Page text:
Lara Croft's most obvious virtual female competitor in the East was Japanese pop star Kyoko Date. Kyoko's popularity has waned dramatically and unfortunately her existence has almost been entirely erased from the web, leaving a trail of dead links in her wake. Created in 1996, Kyoko is a 3-D female character who released pop songs, music videos, and generated extra income as spokeswoman for San Francisco new media company Oz Interactive. With a short boyish haircut, slender and girlish in comparison to Lara Croft, Kyoko had her own following of fan fiction and pornographic tales which borrowed from anime and manga conventions in Japan. Sometimes as "innocent" as a Sailor Moon high school romance, Kyoko's fan fiction occasionally dipped into erotica. Kyoko fan Dire Wolf describes how, "on the Internet, teenage boys from Italy, Hong Kong, Malaysia, and around the world were flooding Kyoko Date bulletin boards with postings and scouring the web for graphics of her beauty."

Picture 3. Kyoko Date, Virtual Singer of Japanese hit pop song Love Connection

But Kyoko Date is not the last of her breed. Creating 3-D girls and posting web sites for them has become something of a hobby for Japanese 3-D modelers or "Character Generator" artists. The site www.fushimi.com/angels/ contains links to many 3-D girl sites, (and just a few 3-D space dogs and other 3-D characters). Like Kyoko Date, (and unlike Lara Croft or even unlike the cartoon style of Japanime characters), these girls are extremely hyperreal, from their bone structure to the pore texture of their "skin." Some CG artists even place small imperfections like moles and flushed mottled skin on their character’s faces, giving characters like "Ryoko" a perversely human uniqueness. While these minutely detailed, multiple eye-lashed, million polygoned 3-D characters are quite stunning, it is important to note that computer game engines are not yet capable of processing live in game action at this level of detail. (It may take hours just to render one still frame of such a high resolution character.) Nevertheless, they strike a formidable presence on their web sites-- singing pop songs, offering horoscope advice, and exuding timeless frozen girlish youth to the nth degree.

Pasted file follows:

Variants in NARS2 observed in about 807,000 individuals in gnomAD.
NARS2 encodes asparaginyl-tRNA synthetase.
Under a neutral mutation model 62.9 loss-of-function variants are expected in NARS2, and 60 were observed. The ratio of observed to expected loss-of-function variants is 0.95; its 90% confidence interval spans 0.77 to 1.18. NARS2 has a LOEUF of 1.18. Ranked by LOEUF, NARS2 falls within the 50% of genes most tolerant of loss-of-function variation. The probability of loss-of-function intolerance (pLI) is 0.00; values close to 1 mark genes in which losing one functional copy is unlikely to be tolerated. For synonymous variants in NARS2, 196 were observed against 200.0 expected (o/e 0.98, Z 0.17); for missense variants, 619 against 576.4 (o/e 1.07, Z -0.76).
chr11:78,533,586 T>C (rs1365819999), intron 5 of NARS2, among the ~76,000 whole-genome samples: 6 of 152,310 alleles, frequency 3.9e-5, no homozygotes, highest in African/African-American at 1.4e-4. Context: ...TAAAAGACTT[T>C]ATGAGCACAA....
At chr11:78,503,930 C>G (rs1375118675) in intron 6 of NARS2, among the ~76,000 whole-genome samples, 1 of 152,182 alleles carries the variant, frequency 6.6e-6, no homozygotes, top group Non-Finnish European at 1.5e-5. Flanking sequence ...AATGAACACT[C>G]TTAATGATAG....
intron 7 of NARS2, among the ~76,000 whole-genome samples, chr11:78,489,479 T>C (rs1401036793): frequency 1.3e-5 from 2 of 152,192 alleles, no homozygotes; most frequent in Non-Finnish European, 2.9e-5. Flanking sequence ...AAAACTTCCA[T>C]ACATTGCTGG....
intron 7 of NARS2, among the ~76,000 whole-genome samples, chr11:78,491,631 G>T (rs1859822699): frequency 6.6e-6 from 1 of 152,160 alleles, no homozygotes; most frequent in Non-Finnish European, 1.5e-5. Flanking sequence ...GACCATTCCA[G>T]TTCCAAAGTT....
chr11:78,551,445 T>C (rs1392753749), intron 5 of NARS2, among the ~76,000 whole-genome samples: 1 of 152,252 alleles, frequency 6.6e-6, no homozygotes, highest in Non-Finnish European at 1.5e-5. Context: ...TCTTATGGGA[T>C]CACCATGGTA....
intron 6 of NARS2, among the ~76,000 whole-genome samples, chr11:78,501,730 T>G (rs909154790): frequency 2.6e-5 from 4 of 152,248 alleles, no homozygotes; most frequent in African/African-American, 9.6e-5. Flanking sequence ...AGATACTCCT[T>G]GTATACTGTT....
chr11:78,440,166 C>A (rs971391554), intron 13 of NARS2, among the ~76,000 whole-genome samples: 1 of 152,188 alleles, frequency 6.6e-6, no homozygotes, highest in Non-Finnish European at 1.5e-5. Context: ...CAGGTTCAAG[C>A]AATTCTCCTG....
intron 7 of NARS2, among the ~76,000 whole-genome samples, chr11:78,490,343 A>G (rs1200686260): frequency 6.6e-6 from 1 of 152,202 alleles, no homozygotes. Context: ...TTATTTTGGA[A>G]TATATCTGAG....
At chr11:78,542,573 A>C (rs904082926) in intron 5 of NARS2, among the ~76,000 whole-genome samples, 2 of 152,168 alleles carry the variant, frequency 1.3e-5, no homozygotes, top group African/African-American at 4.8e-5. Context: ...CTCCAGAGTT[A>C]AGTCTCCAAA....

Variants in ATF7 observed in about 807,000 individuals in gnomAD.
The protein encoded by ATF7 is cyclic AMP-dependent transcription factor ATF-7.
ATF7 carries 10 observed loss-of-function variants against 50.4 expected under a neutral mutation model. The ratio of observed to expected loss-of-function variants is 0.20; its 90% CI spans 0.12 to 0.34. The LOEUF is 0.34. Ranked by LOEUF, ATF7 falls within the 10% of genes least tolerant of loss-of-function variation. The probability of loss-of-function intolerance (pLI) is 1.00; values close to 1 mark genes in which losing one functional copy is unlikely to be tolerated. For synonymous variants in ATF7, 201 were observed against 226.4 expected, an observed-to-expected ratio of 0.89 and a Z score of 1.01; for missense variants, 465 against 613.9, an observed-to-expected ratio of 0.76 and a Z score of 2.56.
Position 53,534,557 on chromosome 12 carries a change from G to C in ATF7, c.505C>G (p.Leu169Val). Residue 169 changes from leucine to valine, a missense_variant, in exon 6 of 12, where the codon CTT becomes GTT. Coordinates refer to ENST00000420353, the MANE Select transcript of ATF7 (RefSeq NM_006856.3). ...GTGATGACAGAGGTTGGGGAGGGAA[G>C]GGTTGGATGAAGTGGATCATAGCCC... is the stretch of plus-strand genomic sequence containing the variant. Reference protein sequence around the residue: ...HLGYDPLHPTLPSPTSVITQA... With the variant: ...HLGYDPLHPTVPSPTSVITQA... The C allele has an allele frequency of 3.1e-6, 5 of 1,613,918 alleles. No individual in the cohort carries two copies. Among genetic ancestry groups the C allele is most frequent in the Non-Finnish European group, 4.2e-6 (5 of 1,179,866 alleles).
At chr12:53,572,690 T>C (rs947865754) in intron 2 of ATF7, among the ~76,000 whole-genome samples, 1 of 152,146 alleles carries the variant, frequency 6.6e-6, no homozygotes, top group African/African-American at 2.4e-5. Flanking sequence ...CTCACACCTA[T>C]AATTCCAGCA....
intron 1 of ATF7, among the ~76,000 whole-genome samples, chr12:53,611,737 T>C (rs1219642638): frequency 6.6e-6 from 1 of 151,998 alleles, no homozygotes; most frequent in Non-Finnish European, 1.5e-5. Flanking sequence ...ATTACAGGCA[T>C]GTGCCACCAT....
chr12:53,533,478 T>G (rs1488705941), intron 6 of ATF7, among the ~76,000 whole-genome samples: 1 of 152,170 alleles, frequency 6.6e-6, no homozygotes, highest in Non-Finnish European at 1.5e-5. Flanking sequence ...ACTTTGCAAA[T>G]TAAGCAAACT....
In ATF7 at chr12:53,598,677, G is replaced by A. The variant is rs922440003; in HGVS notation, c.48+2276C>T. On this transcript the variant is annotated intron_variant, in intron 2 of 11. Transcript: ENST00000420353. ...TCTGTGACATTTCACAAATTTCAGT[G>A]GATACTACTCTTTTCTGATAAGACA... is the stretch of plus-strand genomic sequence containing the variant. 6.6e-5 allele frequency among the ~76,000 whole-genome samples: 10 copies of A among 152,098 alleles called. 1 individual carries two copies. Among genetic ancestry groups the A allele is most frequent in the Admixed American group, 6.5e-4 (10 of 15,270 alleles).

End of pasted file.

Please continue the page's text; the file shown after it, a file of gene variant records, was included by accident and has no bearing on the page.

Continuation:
Picture 4. Ryoko by Yamag’s Garage. Ryoko has three small moles on her face.

  1. Drag
  2. Both the portrait of the lonely male computer gamer longing for a romanticized virtual girlfriend and the image of the horny gamer hunched behind his keyboard searching for an objectified virtual porn star rely on the heterosexist assumption that boys would naturally represent themselves virtually as boys unless some stunted desire for women, (girlfriends or sexy babes), compelled them to create female avatars. A conceivable alternate scenario unfolds for at least some male gamers if we consider that unlike the trophy princess who awaits rescue at the end of "Prince of Persia" or the blond "bimbos" in Sim-Copter, female action heroines are active avatars in the game space that are "worn" by the player. Some male players are attracted to the idea of anonymously donning a feminine skin without the social repercussions which often attend such a gesture in "real life". Like early text based Mud's or more recent graphical Role Playing Games where male players often assume female identities, (and female players assume male identities), playing a female character allows male players to escape the parameters of the male game hero role and his "real life" maleness. Here the avatar could be perceived as a layer of feminine drag masking the gamer’s male core identity. Or, following the identity theory of Sandy Stone, the female game character identity is simply one of many equally "real" subjectivities lived out by the player in virtual and non virtual life, (to live is to role play). The latter view describes the subject as a polymorphous collection of multi-gendered identies who lack a unifying core identity.